Few legal issues in recent years have captured the public's attention more powerfully than litigation over standard essential patents (“SEPs”). This Article explains how SEP litigation overlaps with two other major centers of patent litigation--litigation involving smartphones and patent assertion entities (“PAEs”). It observes that attempting to pre-empt patent hold-ups by imposing blanket ex ante disclosure obligations and royalty caps on standard setting organizations (“SSOs”) is misdirected and counterproductive. Instead, the solution lies in clear and balanced rules to determine “fair, reasonable and non-discriminatory” (FRAND) royalties and injunctive relief. This solution will help parties make more realistic assessments of their options and help adjudicators resolve SEP disputes. Correctly framed, implementers bear the burden of proving the breach of a FRAND commitment. FRAND royalties should, in the absence of comparable licenses, focus on apportioning the profits based on the relative importance of the patented technology in the covered product. Royalties should be measured at the time the standard is set but generally should not be discounted for the possibility of invalidity and non-infringement. Discriminatory licenses can be hard to detect, but targeted initiatives and improved transparency would make the task easier. Injunctions should be granted based the wording and intent of the relevant FRAND commitment, conduct of the parties, and proof that the technology drove the sales of the component or product on which the relief is sought. More broadly, courts must understand both the limits and opportunities of the antitrust and patent laws. While useful in arresting ex ante misconduct and attempts to elide FRAND commitments through patent assignments, antitrust is largely irrelevant in addressing patent hold-ups; patent law has a role in both improving patent quality and deterring vexatious litigation.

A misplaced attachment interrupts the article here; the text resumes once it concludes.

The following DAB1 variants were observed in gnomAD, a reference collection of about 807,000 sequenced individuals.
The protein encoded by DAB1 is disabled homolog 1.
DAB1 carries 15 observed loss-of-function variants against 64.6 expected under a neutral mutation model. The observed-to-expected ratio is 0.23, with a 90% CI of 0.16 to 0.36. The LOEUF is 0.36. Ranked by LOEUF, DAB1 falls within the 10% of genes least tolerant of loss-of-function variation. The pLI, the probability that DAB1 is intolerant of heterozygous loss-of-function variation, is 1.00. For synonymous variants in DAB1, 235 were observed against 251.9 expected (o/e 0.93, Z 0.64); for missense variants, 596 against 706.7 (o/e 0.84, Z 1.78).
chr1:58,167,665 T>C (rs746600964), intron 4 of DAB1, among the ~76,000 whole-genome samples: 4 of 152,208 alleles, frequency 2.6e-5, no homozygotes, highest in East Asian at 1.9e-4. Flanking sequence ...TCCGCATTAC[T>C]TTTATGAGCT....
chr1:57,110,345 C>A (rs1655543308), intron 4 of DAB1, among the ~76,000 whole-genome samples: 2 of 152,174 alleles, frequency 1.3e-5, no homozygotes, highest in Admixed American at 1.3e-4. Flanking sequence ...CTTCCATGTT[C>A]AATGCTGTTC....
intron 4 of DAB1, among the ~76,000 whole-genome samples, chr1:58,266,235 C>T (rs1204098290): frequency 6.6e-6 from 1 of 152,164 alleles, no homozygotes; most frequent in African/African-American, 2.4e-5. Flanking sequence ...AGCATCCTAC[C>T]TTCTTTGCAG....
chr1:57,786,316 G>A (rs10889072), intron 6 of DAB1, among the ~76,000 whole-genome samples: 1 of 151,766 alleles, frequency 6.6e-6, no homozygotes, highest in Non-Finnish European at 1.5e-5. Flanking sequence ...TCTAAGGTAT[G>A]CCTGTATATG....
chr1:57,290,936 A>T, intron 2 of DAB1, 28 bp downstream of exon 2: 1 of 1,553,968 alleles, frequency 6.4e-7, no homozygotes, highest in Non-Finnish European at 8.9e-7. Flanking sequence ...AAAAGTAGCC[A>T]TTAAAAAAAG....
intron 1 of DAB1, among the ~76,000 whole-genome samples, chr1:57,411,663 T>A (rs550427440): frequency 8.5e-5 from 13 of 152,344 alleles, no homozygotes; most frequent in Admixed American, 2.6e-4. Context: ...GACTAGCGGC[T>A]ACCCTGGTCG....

Daryl Lim, Standard Essential Patents, Trolls, and the Smartphone Wars: Triangulating the End Game, 119 Penn St. L. Rev. 1 (2014)